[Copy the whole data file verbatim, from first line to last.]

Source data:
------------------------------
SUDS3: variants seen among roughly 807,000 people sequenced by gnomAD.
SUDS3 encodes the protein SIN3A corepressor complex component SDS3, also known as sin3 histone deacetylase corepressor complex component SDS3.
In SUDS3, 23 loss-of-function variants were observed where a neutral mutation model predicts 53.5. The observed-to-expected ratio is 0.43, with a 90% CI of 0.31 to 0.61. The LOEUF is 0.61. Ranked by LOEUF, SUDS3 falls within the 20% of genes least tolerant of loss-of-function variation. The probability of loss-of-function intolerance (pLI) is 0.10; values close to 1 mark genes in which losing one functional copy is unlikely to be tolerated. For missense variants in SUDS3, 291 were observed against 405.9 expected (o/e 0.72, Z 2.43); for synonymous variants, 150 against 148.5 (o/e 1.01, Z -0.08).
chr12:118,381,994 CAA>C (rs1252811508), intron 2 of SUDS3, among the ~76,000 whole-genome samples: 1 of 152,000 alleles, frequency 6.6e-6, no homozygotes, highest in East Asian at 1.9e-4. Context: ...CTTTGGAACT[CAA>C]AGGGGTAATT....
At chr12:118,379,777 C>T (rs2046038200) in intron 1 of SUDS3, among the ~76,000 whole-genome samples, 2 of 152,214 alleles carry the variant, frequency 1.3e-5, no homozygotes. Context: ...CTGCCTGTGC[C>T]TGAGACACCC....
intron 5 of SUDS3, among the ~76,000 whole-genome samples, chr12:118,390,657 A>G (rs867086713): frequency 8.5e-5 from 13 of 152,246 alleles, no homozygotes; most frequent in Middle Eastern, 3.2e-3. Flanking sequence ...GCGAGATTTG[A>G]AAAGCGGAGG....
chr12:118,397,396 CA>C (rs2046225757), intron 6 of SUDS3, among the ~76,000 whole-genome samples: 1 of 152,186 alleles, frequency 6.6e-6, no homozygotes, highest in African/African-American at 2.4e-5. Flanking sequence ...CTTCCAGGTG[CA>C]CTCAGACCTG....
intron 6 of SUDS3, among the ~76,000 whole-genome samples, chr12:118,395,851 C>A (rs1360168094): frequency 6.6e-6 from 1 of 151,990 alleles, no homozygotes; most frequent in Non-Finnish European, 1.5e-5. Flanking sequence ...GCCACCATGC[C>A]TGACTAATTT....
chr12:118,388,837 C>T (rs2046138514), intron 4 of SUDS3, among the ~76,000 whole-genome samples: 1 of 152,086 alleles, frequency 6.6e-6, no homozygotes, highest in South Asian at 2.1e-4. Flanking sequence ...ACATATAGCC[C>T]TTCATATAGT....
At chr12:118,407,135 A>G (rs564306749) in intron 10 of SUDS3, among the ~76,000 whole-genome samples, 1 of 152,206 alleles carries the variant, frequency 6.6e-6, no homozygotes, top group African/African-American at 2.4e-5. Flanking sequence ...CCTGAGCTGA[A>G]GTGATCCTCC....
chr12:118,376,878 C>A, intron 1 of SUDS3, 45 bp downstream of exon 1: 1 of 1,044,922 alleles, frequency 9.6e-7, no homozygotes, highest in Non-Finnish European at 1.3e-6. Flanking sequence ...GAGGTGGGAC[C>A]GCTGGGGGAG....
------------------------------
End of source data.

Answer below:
SUDS3: variants seen among roughly 807,000 people sequenced by gnomAD.
SUDS3 encodes the protein SIN3A corepressor complex component SDS3, also known as sin3 histone deacetylase corepressor complex component SDS3.
In SUDS3, 23 loss-of-function variants were observed where a neutral mutation model predicts 53.5. The observed-to-expected ratio is 0.43, with a 90% CI of 0.31 to 0.61. The LOEUF is 0.61. Ranked by LOEUF, SUDS3 falls within the 20% of genes least tolerant of loss-of-function variation. The probability of loss-of-function intolerance (pLI) is 0.10; values close to 1 mark genes in which losing one functional copy is unlikely to be tolerated. For missense variants in SUDS3, 291 were observed against 405.9 expected (o/e 0.72, Z 2.43); for synonymous variants, 150 against 148.5 (o/e 1.01, Z -0.08).
chr12:118,381,994 CAA>C (rs1252811508), intron 2 of SUDS3, among the ~76,000 whole-genome samples: 1 of 152,000 alleles, frequency 6.6e-6, no homozygotes, highest in East Asian at 1.9e-4. Context: ...CTTTGGAACT[CAA>C]AGGGGTAATT....
At chr12:118,379,777 C>T (rs2046038200) in intron 1 of SUDS3, among the ~76,000 whole-genome samples, 2 of 152,214 alleles carry the variant, frequency 1.3e-5, no homozygotes. Context: ...CTGCCTGTGC[C>T]TGAGACACCC....
intron 5 of SUDS3, among the ~76,000 whole-genome samples, chr12:118,390,657 A>G (rs867086713): frequency 8.5e-5 from 13 of 152,246 alleles, no homozygotes; most frequent in Middle Eastern, 3.2e-3. Flanking sequence ...GCGAGATTTG[A>G]AAAGCGGAGG....
chr12:118,397,396 CA>C (rs2046225757), intron 6 of SUDS3, among the ~76,000 whole-genome samples: 1 of 152,186 alleles, frequency 6.6e-6, no homozygotes, highest in African/African-American at 2.4e-5. Flanking sequence ...CTTCCAGGTG[CA>C]CTCAGACCTG....
intron 6 of SUDS3, among the ~76,000 whole-genome samples, chr12:118,395,851 C>A (rs1360168094): frequency 6.6e-6 from 1 of 151,990 alleles, no homozygotes; most frequent in Non-Finnish European, 1.5e-5. Flanking sequence ...GCCACCATGC[C>A]TGACTAATTT....
chr12:118,388,837 C>T (rs2046138514), intron 4 of SUDS3, among the ~76,000 whole-genome samples: 1 of 152,086 alleles, frequency 6.6e-6, no homozygotes, highest in South Asian at 2.1e-4. Flanking sequence ...ACATATAGCC[C>T]TTCATATAGT....
At chr12:118,407,135 A>G (rs564306749) in intron 10 of SUDS3, among the ~76,000 whole-genome samples, 1 of 152,206 alleles carries the variant, frequency 6.6e-6, no homozygotes, top group African/African-American at 2.4e-5. Flanking sequence ...CCTGAGCTGA[A>G]GTGATCCTCC....
chr12:118,376,878 C>A, intron 1 of SUDS3, 45 bp downstream of exon 1: 1 of 1,044,922 alleles, frequency 9.6e-7, no homozygotes, highest in Non-Finnish European at 1.3e-6. Flanking sequence ...GAGGTGGGAC[C>A]GCTGGGGGAG....